No. 686.
Mr. King to Mr. Bayard.

No. 307.]

Sir: Some weeks ago I received a note from the minister of police stating that he desired to send an official from the board of public instruction, accompanied by a police agent, to search the book-store [Page 1092] opening on the street, forming a part of the Bible House. I sent the dragoman of this legation to accompany him, and instructed him not to allow him to search the whole Bible House accompanied by a-policeman. The official expressed his desire to search not only the bookstore but the entire building, and on being informed that he would not be allowed to do that, he refused to make any search whatever. He was then asked to go through the entire Bible House alone and search it as carefully as he desired) this he refused to do.

In my dispatch No. 277, of January 15, 1887, I inclosed a copy of a note addressed to the Porte regarding the interference with the colporteurs. Shortly afterwards there were three more arrests of colporteurs; whereupon I sent another note to the Porte.

In these dispatches I made no mention of the Bible House incident, but the Porte has seen fit to connect the two matters, probably because they both touch the sale of books.

I inclose for your consideration a copy of my reply.

I hope that my dispatch will be found correct in its claims, and will meet your approval.

I have, etc.,

Pendleton King.
[Inclosure 1 in No. 307.]

The Sublime Porte to Mr. King.

Mr. Chargé d’Affaires: I have received the two dispatches that you kindly addressed to me under the dates of 13th of January and the 21st of February last, Nos. 40 and 47, with regard to the colportage of the books of the Bible Society.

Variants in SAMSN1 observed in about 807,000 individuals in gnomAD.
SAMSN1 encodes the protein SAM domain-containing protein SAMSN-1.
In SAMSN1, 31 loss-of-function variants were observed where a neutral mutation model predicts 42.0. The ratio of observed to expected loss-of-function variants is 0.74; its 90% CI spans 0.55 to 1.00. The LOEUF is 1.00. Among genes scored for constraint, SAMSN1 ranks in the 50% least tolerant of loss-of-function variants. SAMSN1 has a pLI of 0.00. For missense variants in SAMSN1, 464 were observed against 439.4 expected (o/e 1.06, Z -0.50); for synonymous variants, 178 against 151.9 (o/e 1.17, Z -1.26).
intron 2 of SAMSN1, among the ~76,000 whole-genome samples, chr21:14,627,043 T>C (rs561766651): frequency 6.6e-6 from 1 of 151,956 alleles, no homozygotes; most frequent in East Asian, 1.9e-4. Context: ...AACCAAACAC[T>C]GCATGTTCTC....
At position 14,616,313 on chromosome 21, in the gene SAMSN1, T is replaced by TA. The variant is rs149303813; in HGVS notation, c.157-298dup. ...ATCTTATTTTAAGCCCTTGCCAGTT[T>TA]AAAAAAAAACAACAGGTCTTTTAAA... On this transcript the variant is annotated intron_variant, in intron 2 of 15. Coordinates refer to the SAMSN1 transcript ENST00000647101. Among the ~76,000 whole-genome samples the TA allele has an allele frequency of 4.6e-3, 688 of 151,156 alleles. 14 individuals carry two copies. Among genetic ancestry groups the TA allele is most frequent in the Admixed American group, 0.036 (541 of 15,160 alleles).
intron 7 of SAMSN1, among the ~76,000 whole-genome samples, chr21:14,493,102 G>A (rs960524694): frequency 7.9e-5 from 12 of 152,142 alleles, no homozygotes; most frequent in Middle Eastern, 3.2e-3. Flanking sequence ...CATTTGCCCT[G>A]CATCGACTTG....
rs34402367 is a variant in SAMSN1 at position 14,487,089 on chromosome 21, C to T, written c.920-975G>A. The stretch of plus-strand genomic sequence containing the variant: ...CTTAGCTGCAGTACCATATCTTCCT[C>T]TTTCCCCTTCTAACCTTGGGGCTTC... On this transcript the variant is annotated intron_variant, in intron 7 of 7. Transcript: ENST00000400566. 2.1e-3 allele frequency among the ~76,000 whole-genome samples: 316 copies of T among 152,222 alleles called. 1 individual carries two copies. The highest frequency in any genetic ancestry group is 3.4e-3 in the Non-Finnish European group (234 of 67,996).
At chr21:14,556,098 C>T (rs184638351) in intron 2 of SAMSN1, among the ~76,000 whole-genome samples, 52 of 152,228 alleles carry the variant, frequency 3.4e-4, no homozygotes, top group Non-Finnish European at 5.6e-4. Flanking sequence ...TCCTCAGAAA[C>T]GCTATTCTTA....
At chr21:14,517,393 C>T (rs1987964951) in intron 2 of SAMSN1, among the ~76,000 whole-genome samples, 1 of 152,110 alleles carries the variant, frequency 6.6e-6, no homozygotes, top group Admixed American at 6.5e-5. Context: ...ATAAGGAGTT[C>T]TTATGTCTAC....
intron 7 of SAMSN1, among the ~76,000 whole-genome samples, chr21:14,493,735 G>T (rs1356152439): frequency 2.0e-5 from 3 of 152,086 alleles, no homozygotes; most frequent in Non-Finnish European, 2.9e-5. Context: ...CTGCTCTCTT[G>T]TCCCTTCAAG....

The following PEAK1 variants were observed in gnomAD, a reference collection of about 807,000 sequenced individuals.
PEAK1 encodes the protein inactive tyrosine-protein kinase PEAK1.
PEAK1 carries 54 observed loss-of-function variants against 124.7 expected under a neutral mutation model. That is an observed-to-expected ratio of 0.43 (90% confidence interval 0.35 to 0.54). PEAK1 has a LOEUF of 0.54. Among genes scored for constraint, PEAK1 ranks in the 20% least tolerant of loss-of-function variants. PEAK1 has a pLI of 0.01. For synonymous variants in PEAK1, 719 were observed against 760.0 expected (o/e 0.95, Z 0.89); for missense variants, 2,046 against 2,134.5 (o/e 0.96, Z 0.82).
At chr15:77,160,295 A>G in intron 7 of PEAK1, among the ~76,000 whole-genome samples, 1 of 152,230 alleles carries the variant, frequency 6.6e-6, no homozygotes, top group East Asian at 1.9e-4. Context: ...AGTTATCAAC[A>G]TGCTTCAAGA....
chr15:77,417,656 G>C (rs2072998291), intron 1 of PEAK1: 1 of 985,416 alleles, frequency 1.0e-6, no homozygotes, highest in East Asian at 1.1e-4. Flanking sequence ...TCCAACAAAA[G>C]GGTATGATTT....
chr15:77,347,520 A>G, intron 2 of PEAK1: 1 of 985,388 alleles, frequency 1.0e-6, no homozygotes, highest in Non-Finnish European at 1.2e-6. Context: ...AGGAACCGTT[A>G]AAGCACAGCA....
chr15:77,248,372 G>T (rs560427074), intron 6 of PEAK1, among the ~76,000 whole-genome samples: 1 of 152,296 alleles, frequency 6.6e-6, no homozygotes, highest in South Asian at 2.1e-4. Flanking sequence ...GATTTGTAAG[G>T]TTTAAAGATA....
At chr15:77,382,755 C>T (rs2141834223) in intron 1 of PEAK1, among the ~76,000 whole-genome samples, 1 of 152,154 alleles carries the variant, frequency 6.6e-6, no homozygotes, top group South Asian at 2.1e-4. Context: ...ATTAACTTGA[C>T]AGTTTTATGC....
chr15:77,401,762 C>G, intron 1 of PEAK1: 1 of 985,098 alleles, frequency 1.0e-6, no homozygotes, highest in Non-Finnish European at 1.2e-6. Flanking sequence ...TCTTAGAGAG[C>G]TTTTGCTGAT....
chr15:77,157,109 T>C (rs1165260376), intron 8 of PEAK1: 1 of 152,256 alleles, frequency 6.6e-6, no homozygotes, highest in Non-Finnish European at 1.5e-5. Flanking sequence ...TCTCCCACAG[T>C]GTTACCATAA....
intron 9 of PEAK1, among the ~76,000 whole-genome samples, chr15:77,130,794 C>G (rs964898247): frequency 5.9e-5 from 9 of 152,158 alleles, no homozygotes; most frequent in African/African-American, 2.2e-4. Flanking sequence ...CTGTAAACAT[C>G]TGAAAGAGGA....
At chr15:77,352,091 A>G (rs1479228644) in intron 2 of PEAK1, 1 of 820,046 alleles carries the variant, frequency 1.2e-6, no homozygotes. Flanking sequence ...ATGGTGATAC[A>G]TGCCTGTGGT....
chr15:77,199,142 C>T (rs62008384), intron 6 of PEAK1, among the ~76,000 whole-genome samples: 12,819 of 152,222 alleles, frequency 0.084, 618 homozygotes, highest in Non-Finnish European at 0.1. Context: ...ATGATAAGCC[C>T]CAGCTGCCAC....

The information which has been furnished on this subject to the legation seems to be incomplete. According to the reports of the prefecture of the police, the missionaries of that society having commenced the spreading of certain tracts which are injurious and calumnious to the Mussulman religion, it had been decided to enforce the seizure of them. A search made in the Bible House, with the assistance of the consular dragoman, brought the discovery of many volumes of those tracts and others not less injurious, but the dragoman opposed their seizure by the agents of the authority. This opposition of the dragoman is the less justifiable, as under the clauses of the protocol annexed to the law of the seventh Sepher, “the action of the police outside of an abode must be exercised freely and without reserve.” Now the Bible House is v not a private abode; it is a vast establishment, containing a printing establishment, a book-store, an editing bureau of a journal, and a school—the whole making a public place, where the imperial authorities could have free access, and practice, in case of need, a direct supervision.

The foreign and native printing and newspaper establishments being governed by the same law, the consular assistance itself would not be necessary. But as long as it has been requested, the dragoman could not oppose the seizure of subversive books pointed against the religion of the state or against the public order, and obstruct in this way the action of the authority. Therefore I would be very much obliged to you if you would give the necessary instructions to whom it belongs, so that similar difficulties shall not be raised any more, in the absence of which the imperial authorities would be justified in acting by themselves, as moreover the aforesaid protocol confers upon them the power.

As regards the colporteurs themselves, who are all Ottoman subjects and not citizens of the United States, and of the promulgation a regulation on the bookhawking, a question purely interior, the imperial authorities will not fail to take the measures which they will consider useful and necessary.

Accept, etc.,

[Page 1093]
[Inclosure 2 in No. 307.]

Mr. King to the Sublime Porte.

No. 57.]